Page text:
April 22, 2014 at 12:51 pm #1440
Presenter: Stuart Reid
View the webinar & Slides Here
At 2pm BST today Stuart Reid held a webinar on Tester Motivations in which he presented the results of a survey involving 600 testers.
The study separated respondents into six distinct testing roles: Developer/Tester, Test Analyst, Test Lead, Test Manager, Test Consultant and Head of Testing. Stuart also discussed the factors and job characteristics that affect testers in each of the roles and how they differ.
We want to know what motivates you in your role as a tester? Do you agree with Stuart’s findings?April 22, 2014 at 2:04 pm #1445
Question from Michael Corum:
“Did you see any significant correlation between the survey results and geographic location?”April 22, 2014 at 2:13 pm #1446
I did a detailed comparison between Asian and non-Asian testers. There are significant differences if you look at the detailed level of individual factors. If you plug all the factors together into the MPS formula you find the differences tend to cancel each other out.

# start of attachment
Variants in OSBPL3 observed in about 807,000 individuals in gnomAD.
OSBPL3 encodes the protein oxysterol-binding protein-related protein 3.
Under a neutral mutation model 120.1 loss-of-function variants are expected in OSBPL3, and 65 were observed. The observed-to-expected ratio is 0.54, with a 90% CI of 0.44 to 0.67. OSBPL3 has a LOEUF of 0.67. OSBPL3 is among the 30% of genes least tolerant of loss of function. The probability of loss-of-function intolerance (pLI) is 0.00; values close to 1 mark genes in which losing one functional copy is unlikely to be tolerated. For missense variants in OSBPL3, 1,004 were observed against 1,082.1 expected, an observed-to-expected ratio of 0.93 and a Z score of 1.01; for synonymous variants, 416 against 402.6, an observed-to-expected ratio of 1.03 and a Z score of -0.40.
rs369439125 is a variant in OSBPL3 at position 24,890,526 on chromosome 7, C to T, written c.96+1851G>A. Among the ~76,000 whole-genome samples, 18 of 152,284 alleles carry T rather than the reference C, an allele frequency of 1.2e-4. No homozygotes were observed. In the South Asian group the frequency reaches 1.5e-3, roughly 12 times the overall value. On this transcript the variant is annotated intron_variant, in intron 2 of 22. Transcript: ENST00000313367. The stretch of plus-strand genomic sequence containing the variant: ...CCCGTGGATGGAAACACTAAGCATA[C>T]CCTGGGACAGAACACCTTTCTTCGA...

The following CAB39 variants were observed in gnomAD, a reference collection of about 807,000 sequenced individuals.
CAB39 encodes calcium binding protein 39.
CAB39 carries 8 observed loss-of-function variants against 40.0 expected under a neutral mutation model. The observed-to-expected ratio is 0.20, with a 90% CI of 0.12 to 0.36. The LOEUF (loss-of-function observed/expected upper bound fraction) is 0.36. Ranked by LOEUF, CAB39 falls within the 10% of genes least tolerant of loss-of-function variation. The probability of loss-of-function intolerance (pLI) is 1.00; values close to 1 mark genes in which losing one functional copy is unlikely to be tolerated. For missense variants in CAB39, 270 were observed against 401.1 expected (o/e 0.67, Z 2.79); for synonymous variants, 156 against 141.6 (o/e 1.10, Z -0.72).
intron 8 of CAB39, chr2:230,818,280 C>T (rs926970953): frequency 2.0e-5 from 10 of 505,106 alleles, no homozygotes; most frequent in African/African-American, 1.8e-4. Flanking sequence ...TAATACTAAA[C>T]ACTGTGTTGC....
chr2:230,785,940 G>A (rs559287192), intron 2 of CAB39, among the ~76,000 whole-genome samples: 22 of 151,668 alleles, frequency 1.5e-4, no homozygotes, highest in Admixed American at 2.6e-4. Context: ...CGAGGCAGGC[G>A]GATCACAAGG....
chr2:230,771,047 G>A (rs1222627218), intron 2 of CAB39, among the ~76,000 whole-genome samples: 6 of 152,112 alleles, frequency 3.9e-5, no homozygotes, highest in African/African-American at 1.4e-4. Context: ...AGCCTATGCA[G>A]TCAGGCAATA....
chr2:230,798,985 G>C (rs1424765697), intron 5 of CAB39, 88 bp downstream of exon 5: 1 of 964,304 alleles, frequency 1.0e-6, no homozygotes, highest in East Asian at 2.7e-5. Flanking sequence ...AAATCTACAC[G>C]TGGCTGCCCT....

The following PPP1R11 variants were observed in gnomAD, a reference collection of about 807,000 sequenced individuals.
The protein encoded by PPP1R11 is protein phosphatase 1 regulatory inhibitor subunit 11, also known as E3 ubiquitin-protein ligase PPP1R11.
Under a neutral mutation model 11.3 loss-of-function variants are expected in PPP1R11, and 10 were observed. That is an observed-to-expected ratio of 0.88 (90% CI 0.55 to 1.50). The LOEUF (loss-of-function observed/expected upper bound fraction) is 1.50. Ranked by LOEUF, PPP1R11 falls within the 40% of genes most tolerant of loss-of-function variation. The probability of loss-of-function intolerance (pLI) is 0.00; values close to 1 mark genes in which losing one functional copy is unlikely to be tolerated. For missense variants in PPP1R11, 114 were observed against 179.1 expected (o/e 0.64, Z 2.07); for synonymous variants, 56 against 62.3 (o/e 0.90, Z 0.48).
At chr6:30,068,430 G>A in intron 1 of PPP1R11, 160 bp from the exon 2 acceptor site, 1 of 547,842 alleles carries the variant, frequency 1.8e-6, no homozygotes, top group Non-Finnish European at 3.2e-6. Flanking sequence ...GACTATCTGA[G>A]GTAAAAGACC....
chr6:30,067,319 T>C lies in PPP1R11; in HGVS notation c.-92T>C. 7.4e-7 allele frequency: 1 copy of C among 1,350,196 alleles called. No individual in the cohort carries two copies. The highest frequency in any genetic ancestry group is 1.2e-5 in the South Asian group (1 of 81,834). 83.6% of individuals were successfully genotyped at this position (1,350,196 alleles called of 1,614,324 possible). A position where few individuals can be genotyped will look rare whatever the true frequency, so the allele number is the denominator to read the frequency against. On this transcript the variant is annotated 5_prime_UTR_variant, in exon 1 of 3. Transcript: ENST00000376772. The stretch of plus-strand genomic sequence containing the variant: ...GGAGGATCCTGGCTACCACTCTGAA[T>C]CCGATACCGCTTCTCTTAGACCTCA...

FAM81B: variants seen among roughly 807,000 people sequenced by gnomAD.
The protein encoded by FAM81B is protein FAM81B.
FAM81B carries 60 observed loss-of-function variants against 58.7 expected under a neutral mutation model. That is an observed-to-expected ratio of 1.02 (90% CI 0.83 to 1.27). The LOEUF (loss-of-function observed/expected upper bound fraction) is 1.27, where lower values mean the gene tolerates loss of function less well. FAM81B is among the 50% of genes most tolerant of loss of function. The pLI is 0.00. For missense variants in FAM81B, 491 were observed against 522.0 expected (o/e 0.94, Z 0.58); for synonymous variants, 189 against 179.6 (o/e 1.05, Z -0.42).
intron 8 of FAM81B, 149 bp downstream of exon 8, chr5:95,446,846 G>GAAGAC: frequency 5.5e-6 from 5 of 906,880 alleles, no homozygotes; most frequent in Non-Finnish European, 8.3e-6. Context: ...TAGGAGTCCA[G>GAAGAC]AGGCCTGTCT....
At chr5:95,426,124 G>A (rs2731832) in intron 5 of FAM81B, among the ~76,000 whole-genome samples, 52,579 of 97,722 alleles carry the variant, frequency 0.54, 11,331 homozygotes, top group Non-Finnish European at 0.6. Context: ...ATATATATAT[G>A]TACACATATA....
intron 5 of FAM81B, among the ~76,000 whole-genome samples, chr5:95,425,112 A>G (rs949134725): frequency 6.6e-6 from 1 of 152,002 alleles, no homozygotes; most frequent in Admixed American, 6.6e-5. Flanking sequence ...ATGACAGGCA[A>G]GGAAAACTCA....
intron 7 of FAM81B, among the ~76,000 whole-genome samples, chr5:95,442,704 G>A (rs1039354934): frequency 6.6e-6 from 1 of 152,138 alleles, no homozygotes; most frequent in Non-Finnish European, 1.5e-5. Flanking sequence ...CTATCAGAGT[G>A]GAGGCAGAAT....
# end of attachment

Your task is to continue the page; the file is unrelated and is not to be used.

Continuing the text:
In general the following factors are most motivating for ALL testers: MASTERY + ENVIRONMENT + VARIETY + FEEDBACK + AUTONOMY.
For Asian testers specifically, IDENTITY + VARIETY + FEEDBACK would be the most effective areas to focus on.
I have not done a comparison between European and Australian/NZ testers (the two largest groups) as I hypothesized they would be similar (and I have not had time to do that level of detailed comparison).
I hope that helps,
StuartApril 22, 2014 at 2:22 pm #1447
Question from Diana Gomez:
“Do you think that the is a general perception that software testing certifications are the path for testers to develop a career?”April 22, 2014 at 3:53 pm #1448
I am not sure what you mean by ‘general’ perception. I think employers’ perception is quite different from testers’ perception and I think perception about certifications changes quite dramatically depending on geographical region.
Of the respondents, 34% had NO certifications, while 66% had one or more certifications.
66% of those with NO certifications agreed they were motivated or highly motivated, while 74% of those WITH certifications agreed they were motivated or highly motivated. So, for this sample, those with certifications felt they were slightly more motivated.